The Power of the Zealots: Religion, Violence, and International Relations

"The Power of the Zealots: Religion, Violence, and International Relations" In Journal of Religion and Violence 1, No. 2 (2013), 214-231.

16 Pages Posted: 18 Jan 2014  

Jodok Troy

University of Innsbruck - Department of Political Science; The Europe Center (2016-2018), Stanford University

Abstract

This article evaluates the issue of religion and conflict in international relations. René Girard’s mimetic theory offers explanations for basic problems of the ‘new world order’: why violence is a persistent pattern in human and political conduct as well as the understanding of religion and conflict. Therefore the article, after an assessment of framing religion and conflict in the context of theoretical approaches to political science, evaluates the possibilities of mimetic theory to provide a new understanding of the nexus of religion and conflict in international relations. It will do so in arguing for the hypothesis that the mimetic theory provides insights to the interplay of the evolving of power as it is described by the Realist tradition of international relations. The power of the ‘zealots,’ is the power of mimetic desire which always threatens to bring people apart.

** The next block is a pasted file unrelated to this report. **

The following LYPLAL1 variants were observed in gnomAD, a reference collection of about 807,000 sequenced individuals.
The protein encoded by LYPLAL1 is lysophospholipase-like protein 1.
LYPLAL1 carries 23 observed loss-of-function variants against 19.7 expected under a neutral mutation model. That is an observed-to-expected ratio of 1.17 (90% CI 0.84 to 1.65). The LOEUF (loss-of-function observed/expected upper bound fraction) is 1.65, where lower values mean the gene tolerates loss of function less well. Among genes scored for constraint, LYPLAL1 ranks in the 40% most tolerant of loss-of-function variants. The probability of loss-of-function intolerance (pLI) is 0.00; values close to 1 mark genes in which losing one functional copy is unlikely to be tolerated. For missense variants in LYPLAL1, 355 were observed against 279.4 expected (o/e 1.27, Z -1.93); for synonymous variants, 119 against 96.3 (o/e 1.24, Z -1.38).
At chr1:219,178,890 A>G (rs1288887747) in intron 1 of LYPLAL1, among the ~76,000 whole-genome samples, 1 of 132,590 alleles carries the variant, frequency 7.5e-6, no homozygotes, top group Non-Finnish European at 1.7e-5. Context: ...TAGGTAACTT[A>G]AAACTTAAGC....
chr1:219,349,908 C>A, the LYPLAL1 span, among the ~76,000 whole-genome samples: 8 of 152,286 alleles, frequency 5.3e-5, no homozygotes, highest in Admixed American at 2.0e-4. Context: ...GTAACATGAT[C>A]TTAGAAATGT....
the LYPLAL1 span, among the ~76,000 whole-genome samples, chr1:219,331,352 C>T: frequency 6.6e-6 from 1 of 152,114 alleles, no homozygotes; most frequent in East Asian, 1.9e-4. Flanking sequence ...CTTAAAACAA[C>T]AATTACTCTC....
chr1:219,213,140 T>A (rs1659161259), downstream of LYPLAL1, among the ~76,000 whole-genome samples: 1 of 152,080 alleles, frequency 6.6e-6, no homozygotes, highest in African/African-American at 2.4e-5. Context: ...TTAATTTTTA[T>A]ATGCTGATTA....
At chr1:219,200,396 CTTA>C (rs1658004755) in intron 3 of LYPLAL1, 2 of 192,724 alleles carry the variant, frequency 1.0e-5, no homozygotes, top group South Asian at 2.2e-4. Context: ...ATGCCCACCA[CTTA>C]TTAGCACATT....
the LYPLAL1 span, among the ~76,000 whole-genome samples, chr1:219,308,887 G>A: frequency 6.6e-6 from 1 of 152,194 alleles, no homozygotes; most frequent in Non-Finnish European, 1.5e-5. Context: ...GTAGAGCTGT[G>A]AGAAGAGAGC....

Suggested Citation

Troy, Jodok, The Power of the Zealots: Religion, Violence, and International Relations. "The Power of the Zealots: Religion, Violence, and International Relations" In Journal of Religion and Violence 1, No. 2 (2013), 214-231. . Available at SSRN: https://ssrn.com/abstract=2380516

Jodok Troy (Contact Author)

University of Innsbruck - Department of Political Science ( email )

Universitätsstraße 15
Innsbruck, Innsbruck 6020
Austria
+43(0)512.507.70127 (Phone)
+43(0)512.507.2849 (Fax)

The Europe Center (2016-2018), Stanford University ( email )

Stanford, CA 94305
United States

HOME PAGE: http://tec.fsi.stanford.edu/people/jodok-troy

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